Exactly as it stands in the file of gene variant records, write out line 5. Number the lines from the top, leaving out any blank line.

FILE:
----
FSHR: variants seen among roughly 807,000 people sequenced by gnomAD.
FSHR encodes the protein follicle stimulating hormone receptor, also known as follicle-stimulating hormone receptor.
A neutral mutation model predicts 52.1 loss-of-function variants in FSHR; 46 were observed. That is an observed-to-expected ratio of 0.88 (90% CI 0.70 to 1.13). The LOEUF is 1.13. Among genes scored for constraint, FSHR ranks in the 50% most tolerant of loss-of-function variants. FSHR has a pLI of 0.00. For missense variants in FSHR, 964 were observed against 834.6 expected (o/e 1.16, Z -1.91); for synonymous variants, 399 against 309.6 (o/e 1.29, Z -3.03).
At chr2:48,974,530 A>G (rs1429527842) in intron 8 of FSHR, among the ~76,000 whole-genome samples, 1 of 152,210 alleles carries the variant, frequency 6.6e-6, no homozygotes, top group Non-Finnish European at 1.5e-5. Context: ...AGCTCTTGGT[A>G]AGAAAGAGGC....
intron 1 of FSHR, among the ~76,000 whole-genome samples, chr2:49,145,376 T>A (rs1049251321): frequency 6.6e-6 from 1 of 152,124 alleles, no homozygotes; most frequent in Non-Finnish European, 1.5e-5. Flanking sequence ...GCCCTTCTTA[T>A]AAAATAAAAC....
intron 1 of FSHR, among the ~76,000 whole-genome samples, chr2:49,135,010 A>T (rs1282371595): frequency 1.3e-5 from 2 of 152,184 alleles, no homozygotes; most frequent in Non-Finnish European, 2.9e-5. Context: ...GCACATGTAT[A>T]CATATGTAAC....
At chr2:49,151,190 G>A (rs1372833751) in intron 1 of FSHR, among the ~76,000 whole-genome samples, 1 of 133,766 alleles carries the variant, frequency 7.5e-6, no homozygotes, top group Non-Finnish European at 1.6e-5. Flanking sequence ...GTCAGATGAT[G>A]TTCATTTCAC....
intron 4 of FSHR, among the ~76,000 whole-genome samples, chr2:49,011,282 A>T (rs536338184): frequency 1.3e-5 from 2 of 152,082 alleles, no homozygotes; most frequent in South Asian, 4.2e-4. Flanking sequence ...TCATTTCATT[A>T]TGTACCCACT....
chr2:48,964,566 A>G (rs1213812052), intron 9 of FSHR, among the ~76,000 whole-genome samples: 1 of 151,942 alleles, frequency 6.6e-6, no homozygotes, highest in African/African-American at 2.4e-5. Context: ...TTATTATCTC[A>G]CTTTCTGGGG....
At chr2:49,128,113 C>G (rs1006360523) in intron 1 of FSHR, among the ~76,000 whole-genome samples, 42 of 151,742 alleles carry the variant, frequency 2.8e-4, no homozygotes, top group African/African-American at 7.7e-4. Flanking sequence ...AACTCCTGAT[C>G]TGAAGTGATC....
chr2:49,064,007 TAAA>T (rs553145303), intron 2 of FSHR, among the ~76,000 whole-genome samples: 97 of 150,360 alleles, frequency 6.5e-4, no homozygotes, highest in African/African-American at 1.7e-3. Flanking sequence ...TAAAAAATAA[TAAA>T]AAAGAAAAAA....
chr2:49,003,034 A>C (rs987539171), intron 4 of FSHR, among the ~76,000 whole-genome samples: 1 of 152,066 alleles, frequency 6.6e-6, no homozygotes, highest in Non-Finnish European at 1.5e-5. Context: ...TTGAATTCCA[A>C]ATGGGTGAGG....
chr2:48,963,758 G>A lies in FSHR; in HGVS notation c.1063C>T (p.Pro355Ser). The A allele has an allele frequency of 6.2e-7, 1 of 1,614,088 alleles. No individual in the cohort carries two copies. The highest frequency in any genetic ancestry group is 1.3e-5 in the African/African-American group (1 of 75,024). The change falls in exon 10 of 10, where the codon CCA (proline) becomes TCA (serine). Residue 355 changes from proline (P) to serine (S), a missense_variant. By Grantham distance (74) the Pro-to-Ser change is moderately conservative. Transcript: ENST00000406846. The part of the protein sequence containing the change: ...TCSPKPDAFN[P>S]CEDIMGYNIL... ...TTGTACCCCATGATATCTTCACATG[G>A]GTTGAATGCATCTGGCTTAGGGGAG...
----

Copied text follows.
intron 1 of FSHR, among the ~76,000 whole-genome samples, chr2:49,145,376 T>A (rs1049251321): frequency 6.6e-6 from 1 of 152,124 alleles, no homozygotes; most frequent in Non-Finnish European, 1.5e-5. Flanking sequence ...GCCCTTCTTA[T>A]AAAATAAAAC....